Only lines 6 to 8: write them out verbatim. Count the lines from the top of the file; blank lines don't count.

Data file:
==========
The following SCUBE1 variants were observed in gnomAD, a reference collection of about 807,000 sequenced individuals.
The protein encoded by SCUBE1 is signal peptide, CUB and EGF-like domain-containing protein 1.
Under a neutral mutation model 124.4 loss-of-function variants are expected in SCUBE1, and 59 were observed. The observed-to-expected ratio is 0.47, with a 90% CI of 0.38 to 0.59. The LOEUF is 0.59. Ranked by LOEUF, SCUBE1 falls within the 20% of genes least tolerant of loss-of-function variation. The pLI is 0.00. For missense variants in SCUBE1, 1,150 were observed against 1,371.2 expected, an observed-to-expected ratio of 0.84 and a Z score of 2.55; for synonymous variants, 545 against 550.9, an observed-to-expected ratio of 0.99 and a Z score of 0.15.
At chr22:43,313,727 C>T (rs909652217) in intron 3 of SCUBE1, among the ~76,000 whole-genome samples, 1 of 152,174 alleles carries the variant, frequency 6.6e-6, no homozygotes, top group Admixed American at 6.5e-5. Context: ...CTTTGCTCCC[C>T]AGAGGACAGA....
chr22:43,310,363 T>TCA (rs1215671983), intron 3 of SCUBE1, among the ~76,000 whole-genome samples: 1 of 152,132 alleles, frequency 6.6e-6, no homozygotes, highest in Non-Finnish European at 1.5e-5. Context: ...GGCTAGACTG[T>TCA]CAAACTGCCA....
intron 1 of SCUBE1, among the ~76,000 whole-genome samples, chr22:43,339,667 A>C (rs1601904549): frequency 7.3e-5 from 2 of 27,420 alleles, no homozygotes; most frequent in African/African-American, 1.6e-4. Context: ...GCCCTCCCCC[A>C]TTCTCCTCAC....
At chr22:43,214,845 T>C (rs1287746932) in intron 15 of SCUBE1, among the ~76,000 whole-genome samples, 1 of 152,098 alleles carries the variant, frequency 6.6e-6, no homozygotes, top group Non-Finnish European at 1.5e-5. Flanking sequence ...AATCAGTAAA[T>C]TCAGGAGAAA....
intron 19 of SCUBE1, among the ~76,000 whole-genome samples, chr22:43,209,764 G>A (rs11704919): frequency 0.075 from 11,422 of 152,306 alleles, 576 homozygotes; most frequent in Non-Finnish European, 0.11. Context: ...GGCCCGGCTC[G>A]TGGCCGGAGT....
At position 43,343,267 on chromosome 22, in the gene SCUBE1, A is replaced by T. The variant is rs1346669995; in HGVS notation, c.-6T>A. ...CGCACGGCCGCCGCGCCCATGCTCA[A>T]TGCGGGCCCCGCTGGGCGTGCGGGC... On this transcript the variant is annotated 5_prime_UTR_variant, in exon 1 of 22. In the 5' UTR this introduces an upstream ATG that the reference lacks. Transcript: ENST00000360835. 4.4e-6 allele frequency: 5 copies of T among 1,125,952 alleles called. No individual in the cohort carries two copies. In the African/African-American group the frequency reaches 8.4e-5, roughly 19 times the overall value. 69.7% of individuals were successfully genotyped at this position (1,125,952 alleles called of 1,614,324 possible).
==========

intron 1 of SCUBE1, among the ~76,000 whole-genome samples, chr22:43,339,667 A>C (rs1601904549): frequency 7.3e-5 from 2 of 27,420 alleles, no homozygotes; most frequent in African/African-American, 1.6e-4. Context: ...GCCCTCCCCC[A>C]TTCTCCTCAC....
At chr22:43,214,845 T>C (rs1287746932) in intron 15 of SCUBE1, among the ~76,000 whole-genome samples, 1 of 152,098 alleles carries the variant, frequency 6.6e-6, no homozygotes, top group Non-Finnish European at 1.5e-5. Flanking sequence ...AATCAGTAAA[T>C]TCAGGAGAAA....
intron 19 of SCUBE1, among the ~76,000 whole-genome samples, chr22:43,209,764 G>A (rs11704919): frequency 0.075 from 11,422 of 152,306 alleles, 576 homozygotes; most frequent in Non-Finnish European, 0.11. Context: ...GGCCCGGCTC[G>A]TGGCCGGAGT....